Merrimack Warriors men's ice hockey

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Merrimack Warriors men's ice hockey
Current season
Merrimack Warriors men's ice hockey athletic logo
UniversityMerrimack College
ConferenceHockey East
Head coachScott Borek
2nd season, 7–24–3 (.250)
Captain(s)Derek Petti
Johnathan Kovacevic
Michael Babcock
ArenaJ. Thom Lawler Rink
Capacity: 2,549
Surface: 200' x 85'
LocationNorth Andover, Massachusetts
ColorsBlue and Gold[1]
         
NCAA Tournament championships
1978 (DII)
NCAA Tournament Frozen Four
1978 (DII), 1984 (DII)
NCAA Tournament appearances
1978 (DII), 1984 (DII), 1988, 2011
Current uniform
HE-Uniform-MC.png

The Merrimack Warriors men's ice hockey team is a National Collegiate Athletic Association (NCAA) Division I college ice hockey program that represents Merrimack College. The Warriors are a member of Hockey East. They play at the 2,549-seat J. Thom Lawler Rink in North Andover, Massachusetts, which underwent renovation in 2010. Merrimack's 92.08% capacity during the 2013–14 season was second in Hockey East.[2]

History[edit]

The Warriors started intercollegiate play in 1954-55, as the college offered more support to the program in the form of a modest budget, new uniforms and varsity letters. Babson, Worcester Polytechnic Institute and Keene Teachers were among the first intercollegiate competition Merrimack hockey faced that year. And for the first time, the college recognized hockey as a varsity sport.[3]

They were successful in the late 1970s and early 1980s while playing in the ECAC division II. Merrimack won the division II national title in 1978 and were the runner up in 1984. They became an NCAA Division I independent team in 1984 but did not play a schedule against predominantly Division I teams until they joined the Hockey East conference in 1989.[4][5]

Led by Coach Ron Anderson, a new era began for Merrimack hockey in 1989 when the Warriors competed in their first season as a member of the Hockey East Association. That team posted an overall record of 10-24-1, but pulled off the surprise of the season by taking eventual league champion Boston College to a third and decisive playoff game. And after being picked for the bottom part of the league in three of the last four seasons, the Warriors continued to baffle the experts by battling for home-ice advantage all season long while defeating several Top 20 teams. And with the roots of the Merrimack hockey tree that were planted in Hockey East seven years earlier firmly entrenched, the 1996-97 Warriors entered a new chapter in history by qualifying for a Hockey East playoff home ice berth. The 1997-98 team raised the bar a little higher by upsetting top-ranked Boston University in the quarterfinals and earning a trip to the conference semifinals at Boston's FleetCenter.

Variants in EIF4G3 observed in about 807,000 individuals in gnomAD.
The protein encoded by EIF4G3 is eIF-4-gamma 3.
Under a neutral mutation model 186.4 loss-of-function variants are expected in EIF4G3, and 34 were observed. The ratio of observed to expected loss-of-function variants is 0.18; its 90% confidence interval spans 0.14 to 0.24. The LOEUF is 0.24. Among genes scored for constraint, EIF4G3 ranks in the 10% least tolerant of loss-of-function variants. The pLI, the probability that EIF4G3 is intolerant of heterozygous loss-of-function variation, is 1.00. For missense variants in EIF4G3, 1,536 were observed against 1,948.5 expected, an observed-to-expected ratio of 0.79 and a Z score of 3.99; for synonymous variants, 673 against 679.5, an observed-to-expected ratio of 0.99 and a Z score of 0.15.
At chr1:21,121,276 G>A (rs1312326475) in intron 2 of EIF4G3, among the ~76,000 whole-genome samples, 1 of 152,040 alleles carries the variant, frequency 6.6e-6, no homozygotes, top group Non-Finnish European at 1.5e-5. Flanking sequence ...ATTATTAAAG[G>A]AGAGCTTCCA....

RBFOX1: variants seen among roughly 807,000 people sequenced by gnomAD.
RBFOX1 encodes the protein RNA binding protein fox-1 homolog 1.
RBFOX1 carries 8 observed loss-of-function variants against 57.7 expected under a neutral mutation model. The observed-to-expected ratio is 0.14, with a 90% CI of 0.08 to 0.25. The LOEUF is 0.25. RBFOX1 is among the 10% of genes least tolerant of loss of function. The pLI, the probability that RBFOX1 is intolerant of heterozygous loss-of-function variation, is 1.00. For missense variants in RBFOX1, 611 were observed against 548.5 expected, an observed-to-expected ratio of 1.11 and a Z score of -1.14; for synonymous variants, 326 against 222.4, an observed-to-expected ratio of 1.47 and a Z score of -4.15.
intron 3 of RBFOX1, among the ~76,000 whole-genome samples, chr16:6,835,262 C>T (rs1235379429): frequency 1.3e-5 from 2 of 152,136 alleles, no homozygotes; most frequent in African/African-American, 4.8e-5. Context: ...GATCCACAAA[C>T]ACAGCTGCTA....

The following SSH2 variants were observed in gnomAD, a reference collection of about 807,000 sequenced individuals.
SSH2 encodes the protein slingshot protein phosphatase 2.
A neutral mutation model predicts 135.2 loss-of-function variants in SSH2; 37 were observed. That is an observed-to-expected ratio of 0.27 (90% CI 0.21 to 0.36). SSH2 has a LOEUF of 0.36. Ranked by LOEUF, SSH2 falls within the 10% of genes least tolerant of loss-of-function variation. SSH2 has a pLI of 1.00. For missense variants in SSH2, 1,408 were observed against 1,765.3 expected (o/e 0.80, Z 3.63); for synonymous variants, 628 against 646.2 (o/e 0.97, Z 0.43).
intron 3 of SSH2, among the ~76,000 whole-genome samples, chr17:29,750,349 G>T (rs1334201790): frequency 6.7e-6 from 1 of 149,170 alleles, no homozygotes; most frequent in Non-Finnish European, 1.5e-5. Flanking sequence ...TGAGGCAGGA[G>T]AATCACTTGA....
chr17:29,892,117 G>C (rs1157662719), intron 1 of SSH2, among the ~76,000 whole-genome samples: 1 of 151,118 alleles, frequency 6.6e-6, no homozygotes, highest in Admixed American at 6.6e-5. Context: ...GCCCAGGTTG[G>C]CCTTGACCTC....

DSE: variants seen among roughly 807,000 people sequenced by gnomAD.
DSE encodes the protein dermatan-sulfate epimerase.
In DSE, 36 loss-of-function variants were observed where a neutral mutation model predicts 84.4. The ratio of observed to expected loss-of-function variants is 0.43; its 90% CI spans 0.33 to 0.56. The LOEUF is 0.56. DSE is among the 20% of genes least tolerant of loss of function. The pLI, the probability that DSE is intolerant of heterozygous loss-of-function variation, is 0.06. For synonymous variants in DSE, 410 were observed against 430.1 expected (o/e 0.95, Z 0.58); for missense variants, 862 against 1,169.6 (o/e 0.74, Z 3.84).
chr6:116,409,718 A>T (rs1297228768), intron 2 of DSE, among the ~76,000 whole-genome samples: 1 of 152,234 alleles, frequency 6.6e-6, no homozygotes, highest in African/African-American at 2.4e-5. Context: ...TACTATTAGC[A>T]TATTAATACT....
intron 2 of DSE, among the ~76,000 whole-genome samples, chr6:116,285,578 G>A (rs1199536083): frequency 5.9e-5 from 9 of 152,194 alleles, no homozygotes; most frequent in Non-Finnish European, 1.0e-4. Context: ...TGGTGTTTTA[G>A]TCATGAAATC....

The 1998-99 season began yet another era in Merrimack hockey history with the dawning of the Serino age. On April 24, 1998, Chris Serino became just the sixth head coach in the program's history. The Warriors posted a mark of 11-24-1 in Serino's inaugural campaign, and senior forward and captain Rejean Stringer was named an All-American, Merrimack's first ever in the University Division. In Serino's second season, the Warriors set an NCAA record for consecutive overtime contests by playing in six straight at the end of January, and in 2000-01, the Warriors notched 14 victories, the most for Merrimack since 1996-97. Several of those victories were over nationally ranked opponents.

In 2002-03, senior goaltender and captain Joe Exter led Merrimack to a surprising race for home ice throughout much of the season, including the team's first-ever regular season Division I tournament title with wins over host Rensselaer and Wayne State at the 52nd Annual Rensselaer/HSBC Holiday Hockey Tournament in late December. Exter was selected to the All-Hockey East Team by league coaches. Long-time assistant coach Stu Irving was also honored, as the American Hockey Coaches Association presented him with its Terry Flanagan Memorial Award in recognition of an assistant coach's career body of work. The season also saw the inauguration of the Blue Line Club, the program's official support organization.[6]